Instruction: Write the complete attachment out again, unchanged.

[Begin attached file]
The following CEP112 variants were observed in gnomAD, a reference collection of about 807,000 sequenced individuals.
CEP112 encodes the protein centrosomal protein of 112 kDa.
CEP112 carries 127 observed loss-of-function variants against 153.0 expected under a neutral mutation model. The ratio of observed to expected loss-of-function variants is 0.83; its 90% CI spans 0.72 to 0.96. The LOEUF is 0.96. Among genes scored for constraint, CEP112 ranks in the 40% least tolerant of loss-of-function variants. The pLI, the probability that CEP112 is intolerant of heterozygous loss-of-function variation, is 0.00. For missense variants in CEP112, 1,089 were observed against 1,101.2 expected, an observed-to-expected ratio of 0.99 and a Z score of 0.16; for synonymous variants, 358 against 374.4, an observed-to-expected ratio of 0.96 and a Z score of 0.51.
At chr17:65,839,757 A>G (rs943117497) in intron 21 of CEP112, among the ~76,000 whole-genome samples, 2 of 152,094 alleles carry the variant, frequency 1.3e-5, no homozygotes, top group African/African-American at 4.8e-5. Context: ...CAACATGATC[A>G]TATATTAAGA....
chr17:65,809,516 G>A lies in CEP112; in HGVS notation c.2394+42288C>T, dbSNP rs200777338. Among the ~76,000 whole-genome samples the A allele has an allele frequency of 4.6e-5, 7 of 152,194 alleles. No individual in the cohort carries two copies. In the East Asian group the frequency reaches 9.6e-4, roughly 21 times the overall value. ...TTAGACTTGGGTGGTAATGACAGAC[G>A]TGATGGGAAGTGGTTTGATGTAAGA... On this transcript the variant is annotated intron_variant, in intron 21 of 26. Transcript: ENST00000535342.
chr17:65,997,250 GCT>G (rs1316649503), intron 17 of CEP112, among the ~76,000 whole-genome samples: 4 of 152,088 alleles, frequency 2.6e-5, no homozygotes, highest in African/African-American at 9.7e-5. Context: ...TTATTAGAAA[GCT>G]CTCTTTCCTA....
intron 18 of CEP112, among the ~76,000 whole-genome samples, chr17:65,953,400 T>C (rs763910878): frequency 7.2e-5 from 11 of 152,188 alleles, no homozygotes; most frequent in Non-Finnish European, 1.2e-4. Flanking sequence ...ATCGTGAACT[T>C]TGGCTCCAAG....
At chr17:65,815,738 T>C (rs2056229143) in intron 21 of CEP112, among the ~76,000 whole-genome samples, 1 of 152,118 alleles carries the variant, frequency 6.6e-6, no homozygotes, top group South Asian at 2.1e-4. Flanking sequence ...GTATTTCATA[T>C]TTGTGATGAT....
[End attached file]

The following CEP112 variants were observed in gnomAD, a reference collection of about 807,000 sequenced individuals.
CEP112 encodes the protein centrosomal protein of 112 kDa.
CEP112 carries 127 observed loss-of-function variants against 153.0 expected under a neutral mutation model. The ratio of observed to expected loss-of-function variants is 0.83; its 90% CI spans 0.72 to 0.96. The LOEUF is 0.96. Among genes scored for constraint, CEP112 ranks in the 40% least tolerant of loss-of-function variants. The pLI, the probability that CEP112 is intolerant of heterozygous loss-of-function variation, is 0.00. For missense variants in CEP112, 1,089 were observed against 1,101.2 expected, an observed-to-expected ratio of 0.99 and a Z score of 0.16; for synonymous variants, 358 against 374.4, an observed-to-expected ratio of 0.96 and a Z score of 0.51.
At chr17:65,839,757 A>G (rs943117497) in intron 21 of CEP112, among the ~76,000 whole-genome samples, 2 of 152,094 alleles carry the variant, frequency 1.3e-5, no homozygotes, top group African/African-American at 4.8e-5. Context: ...CAACATGATC[A>G]TATATTAAGA....
chr17:65,809,516 G>A lies in CEP112; in HGVS notation c.2394+42288C>T, dbSNP rs200777338. Among the ~76,000 whole-genome samples the A allele has an allele frequency of 4.6e-5, 7 of 152,194 alleles. No individual in the cohort carries two copies. In the East Asian group the frequency reaches 9.6e-4, roughly 21 times the overall value. ...TTAGACTTGGGTGGTAATGACAGAC[G>A]TGATGGGAAGTGGTTTGATGTAAGA... On this transcript the variant is annotated intron_variant, in intron 21 of 26. Transcript: ENST00000535342.
chr17:65,997,250 GCT>G (rs1316649503), intron 17 of CEP112, among the ~76,000 whole-genome samples: 4 of 152,088 alleles, frequency 2.6e-5, no homozygotes, highest in African/African-American at 9.7e-5. Context: ...TTATTAGAAA[GCT>G]CTCTTTCCTA....
intron 18 of CEP112, among the ~76,000 whole-genome samples, chr17:65,953,400 T>C (rs763910878): frequency 7.2e-5 from 11 of 152,188 alleles, no homozygotes; most frequent in Non-Finnish European, 1.2e-4. Flanking sequence ...ATCGTGAACT[T>C]TGGCTCCAAG....
At chr17:65,815,738 T>C (rs2056229143) in intron 21 of CEP112, among the ~76,000 whole-genome samples, 1 of 152,118 alleles carries the variant, frequency 6.6e-6, no homozygotes, top group South Asian at 2.1e-4. Flanking sequence ...GTATTTCATA[T>C]TTGTGATGAT....